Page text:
• Seasonality — With agricultural and livestock soft commodities, there’s a level of predictability around harvest and slaughter times, which will cause an oversupply in the market and generally lead to lower prices. In the period leading up to harvest, good weather forecasts can boost a commodity’s price.
    • Macroeconomics — The health of the economy at large is also going to affect commodities prices. Fluctuations to GDP, inflation, interest rates, the construction and transport industries, wages, trade embargoes and sanctions can all upset a predictable commodities market and create unexpected results.
    • Other environmental factors — Commodities are affected by material conditions in our world in a way stocks and bonds just aren’t. Events like the 2021 Suez Canal obstruction, in which the Ever Given blocked the crucial shipping route for six days, is one such example of this. Disruptions to the supply chain can occur for all sorts of reasons and expose commodities traders to risks they couldn’t have predicted. 

    Building a strong portfolio with trade commodities

    Because commodities trading is by its very nature higher risk and reward than other kinds of trade, it offers some unique opportunities. However, it can also expose vulnerabilities in your portfolio and requires a trader to be able to weather some short-term losses in order to benefit from longer-term gains. 

    For this reason, many investors choose to dedicate a portion of their overall portfolio to trading in commodities markets. For example, 20% of your total portfolio could be dedicated to commodities trading, protecting you from over-exposure but opening you up to big potential wins down the line. 

    Ready to create your commodity trading account?

    If you’ve been following a commodities market, buffing up on your knowledge of political and environmental factors that might affect it and reading expert insights from financial journalists, you may be eager to open a commodity trading account. At VT Markets, we offer beginner-friendly and globally recognised trading platforms in a user-friendly interface, so you can trade commodities using a transparent and trusted forex trading environment that’s totally secure.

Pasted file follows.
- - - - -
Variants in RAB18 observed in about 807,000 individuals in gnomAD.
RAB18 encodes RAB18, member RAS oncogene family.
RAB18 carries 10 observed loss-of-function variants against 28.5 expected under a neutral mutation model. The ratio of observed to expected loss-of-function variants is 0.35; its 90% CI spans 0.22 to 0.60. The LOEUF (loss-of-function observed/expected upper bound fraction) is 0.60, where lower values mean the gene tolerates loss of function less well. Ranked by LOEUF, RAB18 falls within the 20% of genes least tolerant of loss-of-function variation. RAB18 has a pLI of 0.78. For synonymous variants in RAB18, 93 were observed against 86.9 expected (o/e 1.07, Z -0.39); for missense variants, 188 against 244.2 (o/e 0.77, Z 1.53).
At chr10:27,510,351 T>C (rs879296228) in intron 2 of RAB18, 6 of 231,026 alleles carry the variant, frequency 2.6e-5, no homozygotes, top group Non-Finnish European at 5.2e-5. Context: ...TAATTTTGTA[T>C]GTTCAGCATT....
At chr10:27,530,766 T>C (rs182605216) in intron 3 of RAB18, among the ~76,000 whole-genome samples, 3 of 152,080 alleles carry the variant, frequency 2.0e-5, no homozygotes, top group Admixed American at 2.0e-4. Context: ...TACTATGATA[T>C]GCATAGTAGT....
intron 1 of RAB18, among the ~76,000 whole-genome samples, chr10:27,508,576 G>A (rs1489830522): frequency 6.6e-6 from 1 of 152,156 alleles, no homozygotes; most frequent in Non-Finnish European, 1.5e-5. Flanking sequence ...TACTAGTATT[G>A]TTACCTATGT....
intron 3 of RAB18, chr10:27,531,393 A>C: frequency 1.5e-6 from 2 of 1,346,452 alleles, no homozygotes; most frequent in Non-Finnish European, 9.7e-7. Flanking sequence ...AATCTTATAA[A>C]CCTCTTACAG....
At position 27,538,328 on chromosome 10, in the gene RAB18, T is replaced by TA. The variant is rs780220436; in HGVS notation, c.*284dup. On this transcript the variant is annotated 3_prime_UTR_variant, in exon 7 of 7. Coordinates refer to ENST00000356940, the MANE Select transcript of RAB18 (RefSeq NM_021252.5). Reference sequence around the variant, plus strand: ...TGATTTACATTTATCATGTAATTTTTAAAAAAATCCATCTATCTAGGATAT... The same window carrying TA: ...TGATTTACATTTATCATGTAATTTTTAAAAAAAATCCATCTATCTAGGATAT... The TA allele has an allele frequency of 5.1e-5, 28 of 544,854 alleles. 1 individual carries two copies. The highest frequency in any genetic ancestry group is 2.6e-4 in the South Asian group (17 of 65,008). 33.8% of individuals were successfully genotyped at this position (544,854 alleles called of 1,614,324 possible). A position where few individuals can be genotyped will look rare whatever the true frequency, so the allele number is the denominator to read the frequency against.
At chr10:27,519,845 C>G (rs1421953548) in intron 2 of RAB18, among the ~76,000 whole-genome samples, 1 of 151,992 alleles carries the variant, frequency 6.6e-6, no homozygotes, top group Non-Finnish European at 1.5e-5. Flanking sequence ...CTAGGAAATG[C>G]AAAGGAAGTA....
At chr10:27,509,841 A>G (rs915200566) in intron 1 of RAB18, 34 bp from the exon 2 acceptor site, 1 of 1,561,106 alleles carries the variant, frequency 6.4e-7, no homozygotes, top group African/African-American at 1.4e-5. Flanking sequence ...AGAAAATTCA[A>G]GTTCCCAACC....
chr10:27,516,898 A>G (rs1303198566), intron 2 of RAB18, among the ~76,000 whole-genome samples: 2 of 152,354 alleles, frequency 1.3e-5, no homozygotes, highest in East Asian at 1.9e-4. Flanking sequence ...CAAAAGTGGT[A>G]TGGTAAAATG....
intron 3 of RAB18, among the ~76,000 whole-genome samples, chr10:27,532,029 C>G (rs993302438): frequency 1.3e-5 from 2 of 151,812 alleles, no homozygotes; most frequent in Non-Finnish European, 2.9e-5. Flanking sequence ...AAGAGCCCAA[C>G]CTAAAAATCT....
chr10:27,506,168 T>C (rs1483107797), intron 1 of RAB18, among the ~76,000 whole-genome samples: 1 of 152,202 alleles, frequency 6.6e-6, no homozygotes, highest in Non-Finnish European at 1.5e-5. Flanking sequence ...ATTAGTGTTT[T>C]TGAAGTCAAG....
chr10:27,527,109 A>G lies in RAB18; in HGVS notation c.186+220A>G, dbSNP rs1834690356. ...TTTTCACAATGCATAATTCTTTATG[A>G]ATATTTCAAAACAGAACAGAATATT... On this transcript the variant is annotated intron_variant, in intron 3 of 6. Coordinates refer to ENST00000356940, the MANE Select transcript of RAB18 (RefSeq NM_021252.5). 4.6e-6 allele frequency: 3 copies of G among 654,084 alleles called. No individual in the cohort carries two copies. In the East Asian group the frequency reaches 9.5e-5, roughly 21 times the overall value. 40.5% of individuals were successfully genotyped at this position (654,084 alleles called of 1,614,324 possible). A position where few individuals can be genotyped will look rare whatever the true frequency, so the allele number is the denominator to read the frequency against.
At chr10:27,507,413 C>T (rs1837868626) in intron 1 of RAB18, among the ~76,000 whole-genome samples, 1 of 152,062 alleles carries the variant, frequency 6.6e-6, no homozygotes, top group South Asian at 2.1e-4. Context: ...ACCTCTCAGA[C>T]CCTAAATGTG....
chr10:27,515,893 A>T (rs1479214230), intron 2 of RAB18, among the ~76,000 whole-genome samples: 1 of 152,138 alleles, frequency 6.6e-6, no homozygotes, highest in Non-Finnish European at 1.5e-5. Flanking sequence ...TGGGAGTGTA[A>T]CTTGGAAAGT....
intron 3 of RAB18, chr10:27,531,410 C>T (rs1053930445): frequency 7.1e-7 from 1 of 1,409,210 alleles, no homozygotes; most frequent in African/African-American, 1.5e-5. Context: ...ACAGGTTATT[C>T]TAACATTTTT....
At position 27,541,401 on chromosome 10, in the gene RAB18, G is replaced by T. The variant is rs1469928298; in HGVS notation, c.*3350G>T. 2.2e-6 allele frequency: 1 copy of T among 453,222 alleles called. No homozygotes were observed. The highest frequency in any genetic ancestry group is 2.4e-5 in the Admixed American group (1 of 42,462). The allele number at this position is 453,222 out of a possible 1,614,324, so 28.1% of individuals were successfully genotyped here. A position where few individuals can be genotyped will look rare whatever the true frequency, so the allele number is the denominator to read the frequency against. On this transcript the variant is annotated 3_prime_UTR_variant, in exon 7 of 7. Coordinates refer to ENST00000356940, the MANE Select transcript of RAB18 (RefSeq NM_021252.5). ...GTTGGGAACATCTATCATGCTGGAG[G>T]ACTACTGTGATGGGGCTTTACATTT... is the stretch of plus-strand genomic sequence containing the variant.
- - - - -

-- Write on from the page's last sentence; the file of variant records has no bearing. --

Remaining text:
Want to know more about how we’ve designed our systems to meet the needs of clients? Get in touch and we’ll help you with anything you need, from choosing your account type to managing your investment size and leveraging the right commodities trading options to suit you.


    How do I start trading commodities?

    Once you’ve done your research and decided which commodities you want to trade, VT Markets can help you find the right trading opportunity, monitor your commodities and close in a strong position with the help of powerful official trading platforms MetaTrader 4 and MetaTrader 5

    If you want to start practising the way you trade commodities before launching into global markets, our demo account is a great jump-off point. This zero-cost method is a good beginner option as you become familiar with different trading options, from oil CFDs to soft commodity and energy trading

    What are the most traded commodities in the world?

    When it comes to the most traded commodities in the world, the winners, unsurprisingly, tend to be goods that are consumed at a high rate on a daily basis by much of the world’s population. 

    Hard commodities that are used for energy consistently top the list, with Brent Crude Oil, West Texas Crude Oil and natural gas often leading the list. They’re followed by highly traded metals like steel and copper and consumer goods like coffee and cocoa.